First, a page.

Who organised the latest campaign against the government, after a PPP MNA brought a proposed amendment bill to parliament? Despite the intellectual consensus that only the procedures needed to be changed to prevent abuse of the law, and the government’s disavowal of any amendments in the law, the virulent campaign continued. A UN-banned jihadi outfit declared in its banned publication that it had organised the campaign by calling together all the leaders of the religious parties. The jihadi organisation is internationally recognised as a state-protected outfit and has been noted as a close collaborator of al Qaeda inside Afghanistan. The TTP’s deputy leader, Maulvi Faqir Muhammad of Bajaur, has already declared his organisation’s backing to the campaign.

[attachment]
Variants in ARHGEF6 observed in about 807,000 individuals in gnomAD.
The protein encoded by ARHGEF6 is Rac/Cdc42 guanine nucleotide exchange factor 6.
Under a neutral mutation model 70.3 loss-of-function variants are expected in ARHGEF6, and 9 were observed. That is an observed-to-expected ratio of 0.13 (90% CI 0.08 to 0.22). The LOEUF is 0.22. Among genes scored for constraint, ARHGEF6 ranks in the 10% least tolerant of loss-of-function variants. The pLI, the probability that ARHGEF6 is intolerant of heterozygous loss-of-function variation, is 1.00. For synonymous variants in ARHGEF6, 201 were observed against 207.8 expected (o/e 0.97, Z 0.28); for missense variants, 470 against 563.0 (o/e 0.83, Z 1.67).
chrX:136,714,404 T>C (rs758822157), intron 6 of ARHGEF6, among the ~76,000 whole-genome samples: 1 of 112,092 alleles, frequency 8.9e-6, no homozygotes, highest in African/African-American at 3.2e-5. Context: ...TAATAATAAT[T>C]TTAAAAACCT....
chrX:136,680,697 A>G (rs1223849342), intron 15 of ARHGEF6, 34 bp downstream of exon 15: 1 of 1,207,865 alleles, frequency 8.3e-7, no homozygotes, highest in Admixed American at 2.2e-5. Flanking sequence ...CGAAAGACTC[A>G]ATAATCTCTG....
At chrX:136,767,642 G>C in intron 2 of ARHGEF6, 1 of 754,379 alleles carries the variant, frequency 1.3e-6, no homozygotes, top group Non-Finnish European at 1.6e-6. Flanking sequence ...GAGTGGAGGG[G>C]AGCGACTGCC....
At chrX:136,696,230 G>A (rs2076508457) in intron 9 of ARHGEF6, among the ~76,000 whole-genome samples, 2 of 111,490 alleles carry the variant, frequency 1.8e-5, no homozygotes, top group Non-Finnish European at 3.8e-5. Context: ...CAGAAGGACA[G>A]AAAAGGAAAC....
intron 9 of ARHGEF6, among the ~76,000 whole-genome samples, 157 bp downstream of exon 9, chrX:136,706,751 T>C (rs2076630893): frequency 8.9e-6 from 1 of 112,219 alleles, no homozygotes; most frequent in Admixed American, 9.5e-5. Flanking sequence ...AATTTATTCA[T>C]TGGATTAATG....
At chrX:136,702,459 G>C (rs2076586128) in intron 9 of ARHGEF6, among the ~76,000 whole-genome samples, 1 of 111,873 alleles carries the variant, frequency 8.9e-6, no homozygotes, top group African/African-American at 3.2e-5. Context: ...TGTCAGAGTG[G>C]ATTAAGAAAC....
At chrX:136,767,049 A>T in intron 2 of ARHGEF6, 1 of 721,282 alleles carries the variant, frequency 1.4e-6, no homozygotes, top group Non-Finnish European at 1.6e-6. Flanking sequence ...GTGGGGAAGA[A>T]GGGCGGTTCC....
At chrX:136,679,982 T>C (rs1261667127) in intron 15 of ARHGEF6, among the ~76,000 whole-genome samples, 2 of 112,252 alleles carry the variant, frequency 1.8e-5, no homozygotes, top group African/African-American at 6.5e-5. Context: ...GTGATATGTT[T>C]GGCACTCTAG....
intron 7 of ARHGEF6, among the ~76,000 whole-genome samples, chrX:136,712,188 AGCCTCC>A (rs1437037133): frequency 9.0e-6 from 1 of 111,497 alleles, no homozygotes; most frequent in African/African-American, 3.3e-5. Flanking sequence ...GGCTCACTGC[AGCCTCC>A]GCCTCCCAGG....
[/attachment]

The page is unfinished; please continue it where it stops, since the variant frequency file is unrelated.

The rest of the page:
The Federal Shariat Court, in its recent verdict, has thrown out procedural changes made in rape cases where women — the victims — are actually victimised under the law, more or less, like victims of the blasphemy law. This has unfolded within the general trend of making Pakistan ready for an al Qaeda takeover whose leader, Ayman al Zawahiri, has written a critique of the Pakistan Constitution, negating the present order in the country and proposing a new one, more in agreement with the madrassa clergy. Some madrassas are even distributing the Zawahiri constitution in Pakistan. Is it intimidation pure and simple, or is it a sign of the nation making ready to welcome a new order under the terror of al Qaeda and the TTP?